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Q2 earnings: Investors flock to companies with visible earnings prospects

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The stock market outlook remains uncertain due to the economic slowdown and elusive corporate earnings revival but that has not stopped investors from lapping up select stocks. As many as 100 stocks on the BSE 500 index have rallied between 50 per cent and 200 per cent from their 52-week lows in the last many months. Stocks like Nippon Life Asset Management, InterGlobe Aviation, Manappuram Finance, Bajaj Finance, Bata India, HDFC Asset Management among others have doubled from their 52-week lows. Investors and traders are betting on them as their earnings growth is expected to remain resilient in this downturn. Some lesser-known mid- and small-cap stocks, too, have recovered between 50 per cent and 100 per cent from their yearly lows because of strength in earnings. For instance, Brigade Enterprises and MAS Financial Services have recovered 80 per cent each from their 52-week lows as they reported over 40 per cent growth in operating profits in the last 12 months. ET has compiled 20 such companies, which as per Bloomberg consensus estimates can potentially gain as much as 70 per cent return over the next one year.





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WeWork May Lay Off Thousands

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WeWork is preparing to cut at least 4,000 people from its work force as it tries to stabilize itself after the company’s breakneck growth racked up heavy losses and led it to the brink of collapse, two people with knowledge of the matter said.

The cuts are expected to be announced as early as this week and will take place across WeWork’s sprawling global operation. Under the plan, the company’s core business of subletting office space would lay off 2,000 to 2,500 employees, one of the people said. An additional 1,000 employees will leave as WeWork sells or closes down noncore businesses, like a private school in Manhattan that WeWork set up. Additionally, roughly 1,000 building maintenance employees will be transferred to an outside contractor. Together, these employees would represent around a third of the 12,500 people WeWork employed at the end of June.

But one of the people said the company could shed as many as 5,000 to 6,000 employees.

The staff reductions will be included in a five-year plan to overhaul WeWork that could be presented to employees as early as Tuesday, said the people, who spoke on the condition of anonymity to discuss the layoff plans.

The layoffs represent the human cost of a remarkable reversal in WeWork’s fortunes. Under its co-founder and former chief executive, Adam Neumann, the company piled billions of dollars into an erratic expansion that included adding huge office spaces in the world’s most expensive cities, offering discounts to lure tenants and buying other businesses. WeWork, which leases office space from landlords, refurbishes it and rents it out to its customers, shelved plans for an initial public offering in late September after investors were put off by the company’s losses and had questions about its corporate governance.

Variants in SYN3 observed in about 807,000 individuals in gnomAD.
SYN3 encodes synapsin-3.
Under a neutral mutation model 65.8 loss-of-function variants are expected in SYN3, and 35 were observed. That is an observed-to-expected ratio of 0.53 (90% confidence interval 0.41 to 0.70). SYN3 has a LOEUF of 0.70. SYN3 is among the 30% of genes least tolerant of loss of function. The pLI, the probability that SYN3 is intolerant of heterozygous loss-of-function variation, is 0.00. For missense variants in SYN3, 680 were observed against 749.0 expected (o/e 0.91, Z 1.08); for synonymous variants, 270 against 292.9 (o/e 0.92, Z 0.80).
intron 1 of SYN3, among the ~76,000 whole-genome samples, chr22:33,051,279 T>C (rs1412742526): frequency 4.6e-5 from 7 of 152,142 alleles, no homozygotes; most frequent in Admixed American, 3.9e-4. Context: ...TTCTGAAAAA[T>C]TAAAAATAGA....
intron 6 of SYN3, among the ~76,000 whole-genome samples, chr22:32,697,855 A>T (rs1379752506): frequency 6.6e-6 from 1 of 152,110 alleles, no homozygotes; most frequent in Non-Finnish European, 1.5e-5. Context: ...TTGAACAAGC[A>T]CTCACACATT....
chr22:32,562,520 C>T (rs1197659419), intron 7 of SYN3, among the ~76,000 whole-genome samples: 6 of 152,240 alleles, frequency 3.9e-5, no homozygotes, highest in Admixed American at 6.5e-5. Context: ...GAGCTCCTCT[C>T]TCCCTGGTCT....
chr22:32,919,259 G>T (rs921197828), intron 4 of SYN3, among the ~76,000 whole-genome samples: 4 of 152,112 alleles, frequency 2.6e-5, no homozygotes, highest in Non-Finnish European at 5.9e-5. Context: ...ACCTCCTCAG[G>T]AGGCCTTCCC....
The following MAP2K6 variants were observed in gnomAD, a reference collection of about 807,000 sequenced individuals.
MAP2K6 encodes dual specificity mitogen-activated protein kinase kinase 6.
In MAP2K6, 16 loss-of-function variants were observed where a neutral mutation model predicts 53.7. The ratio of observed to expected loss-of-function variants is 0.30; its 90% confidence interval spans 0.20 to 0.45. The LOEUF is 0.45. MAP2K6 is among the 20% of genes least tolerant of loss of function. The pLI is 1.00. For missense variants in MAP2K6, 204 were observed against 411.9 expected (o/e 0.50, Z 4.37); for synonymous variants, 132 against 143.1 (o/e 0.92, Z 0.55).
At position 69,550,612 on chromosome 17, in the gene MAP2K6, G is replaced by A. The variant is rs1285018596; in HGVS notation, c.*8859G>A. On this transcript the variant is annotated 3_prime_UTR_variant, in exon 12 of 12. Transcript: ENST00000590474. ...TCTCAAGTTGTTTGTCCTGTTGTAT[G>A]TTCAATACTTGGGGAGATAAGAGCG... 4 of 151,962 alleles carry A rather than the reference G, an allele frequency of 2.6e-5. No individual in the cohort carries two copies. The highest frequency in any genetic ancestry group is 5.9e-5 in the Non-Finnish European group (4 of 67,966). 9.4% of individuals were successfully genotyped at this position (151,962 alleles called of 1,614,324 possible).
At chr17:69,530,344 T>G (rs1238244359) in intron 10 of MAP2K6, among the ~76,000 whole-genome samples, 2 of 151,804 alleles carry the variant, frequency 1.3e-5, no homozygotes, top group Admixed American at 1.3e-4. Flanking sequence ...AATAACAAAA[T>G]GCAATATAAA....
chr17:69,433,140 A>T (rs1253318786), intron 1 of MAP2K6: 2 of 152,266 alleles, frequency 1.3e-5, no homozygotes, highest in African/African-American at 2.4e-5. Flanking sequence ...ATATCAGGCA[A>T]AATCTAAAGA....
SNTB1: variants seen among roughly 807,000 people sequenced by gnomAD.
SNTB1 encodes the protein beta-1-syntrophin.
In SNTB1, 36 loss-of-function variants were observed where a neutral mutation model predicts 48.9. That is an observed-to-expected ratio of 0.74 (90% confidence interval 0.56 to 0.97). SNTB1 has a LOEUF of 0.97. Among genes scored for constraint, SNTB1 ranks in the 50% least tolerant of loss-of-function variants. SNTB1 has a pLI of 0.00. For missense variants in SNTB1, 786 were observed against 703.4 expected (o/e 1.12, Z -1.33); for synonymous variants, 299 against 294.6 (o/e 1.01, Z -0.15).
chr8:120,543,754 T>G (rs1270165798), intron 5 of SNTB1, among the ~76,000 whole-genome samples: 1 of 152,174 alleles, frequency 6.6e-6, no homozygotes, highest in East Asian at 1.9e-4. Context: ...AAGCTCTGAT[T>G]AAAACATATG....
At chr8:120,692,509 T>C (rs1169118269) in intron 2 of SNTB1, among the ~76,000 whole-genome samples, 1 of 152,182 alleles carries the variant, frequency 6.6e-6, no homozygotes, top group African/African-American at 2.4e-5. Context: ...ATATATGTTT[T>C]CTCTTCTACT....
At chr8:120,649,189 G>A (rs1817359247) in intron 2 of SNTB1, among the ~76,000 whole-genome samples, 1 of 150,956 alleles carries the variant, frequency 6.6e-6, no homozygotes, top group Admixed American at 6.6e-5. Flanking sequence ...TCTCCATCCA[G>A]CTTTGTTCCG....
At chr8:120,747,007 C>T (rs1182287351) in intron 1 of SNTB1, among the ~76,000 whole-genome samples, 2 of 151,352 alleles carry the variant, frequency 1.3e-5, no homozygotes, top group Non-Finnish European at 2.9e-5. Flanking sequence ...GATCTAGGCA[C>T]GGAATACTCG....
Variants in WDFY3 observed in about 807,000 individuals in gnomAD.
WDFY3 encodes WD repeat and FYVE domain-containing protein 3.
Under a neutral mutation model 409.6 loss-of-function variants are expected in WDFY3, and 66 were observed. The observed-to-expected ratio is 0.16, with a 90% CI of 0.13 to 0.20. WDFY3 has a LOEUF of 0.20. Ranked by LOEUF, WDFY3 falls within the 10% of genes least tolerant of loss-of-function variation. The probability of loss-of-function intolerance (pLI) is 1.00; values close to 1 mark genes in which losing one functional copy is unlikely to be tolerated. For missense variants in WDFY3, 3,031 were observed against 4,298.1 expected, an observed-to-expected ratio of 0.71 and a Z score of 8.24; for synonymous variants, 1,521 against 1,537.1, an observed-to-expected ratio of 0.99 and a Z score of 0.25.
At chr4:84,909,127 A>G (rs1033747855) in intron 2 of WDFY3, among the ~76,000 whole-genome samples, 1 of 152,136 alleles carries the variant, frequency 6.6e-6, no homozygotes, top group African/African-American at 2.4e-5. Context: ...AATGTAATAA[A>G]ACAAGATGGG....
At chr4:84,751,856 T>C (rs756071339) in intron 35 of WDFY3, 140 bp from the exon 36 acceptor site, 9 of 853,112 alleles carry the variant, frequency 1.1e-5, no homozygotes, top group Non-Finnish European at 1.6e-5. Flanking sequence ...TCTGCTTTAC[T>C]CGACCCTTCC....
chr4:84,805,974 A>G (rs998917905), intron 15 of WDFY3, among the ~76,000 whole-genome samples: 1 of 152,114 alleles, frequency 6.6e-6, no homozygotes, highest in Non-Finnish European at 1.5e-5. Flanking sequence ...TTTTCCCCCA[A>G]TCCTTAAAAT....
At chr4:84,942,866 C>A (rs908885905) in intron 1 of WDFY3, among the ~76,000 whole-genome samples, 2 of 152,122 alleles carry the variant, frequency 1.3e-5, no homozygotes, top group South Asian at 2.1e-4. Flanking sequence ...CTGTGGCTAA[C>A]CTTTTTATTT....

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HP Rejects Xerox Takeover Bid

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HP said on Sunday that it had turned down a takeover offer from Xerox, rejecting a deal that would have brought together two once-formidable printing companies that have faced business difficulties as demand for printed documents and ink has waned.

The cash-and-stock offer from Xerox “significantly undervalues HP and is not in the best interests of HP shareholders,” company officials wrote in a letter to John Visentin, Xerox’s chief executive.

The letter to Xerox called the proposal “highly conditional and uncertain” and expressed qualms about “the potential impact of outsized debt levels on the combined company’s stock.” It also raised concerns about a recent stark decline in Xerox’s revenue.

But the letter left open the possibility of a merger under different terms. “We recognize the potential benefits of consolidation,” it said, “and we are open to exploring whether there is value to be created for HP shareholders through a potential combination with Xerox.”

A Xerox spokeswoman did not respond to a request for comment.

In its proposal, submitted on Nov. 5, Xerox put the total value of a possible transaction at $33.5 billion, or $22 a share — $17 in cash and 0.137 Xerox shares for each HP share. Xerox said a merger would save $2 billion in costs within two years.

HP and Xerox have cut costs significantly in recent months as they have struggled to navigate the accelerating erosion of the traditional printing business.

Over the years, HP has aimed to sell printers at no profit or a loss, while making its profit on selling a steady stream of replacement cartridges, called aftermarket supplies.

But a number of forces are undermining that model: the popularity of smartphones and tablet computers that allow electronic documents to be easily transported; the rise of sharing services that people use to distribute documents in the cloud; and a growing awareness of the environmental effects of profligate printing.

At the same time, companies that collect, clean and rebuild printer cartridges have made steady inroads. And the rise in recent years of Chinese cartridge-clone makers in particular has hurt the sales and profits of both HP and Xerox.



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SEMINAR ON CHINA UAE ECONOMIC AND TRADE COOPERATION

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On the 30th of October the UAE was organizing a seminar on CHINA and UAE Economic and trade cooperation, Held at the Hyatt Regency Dubai.

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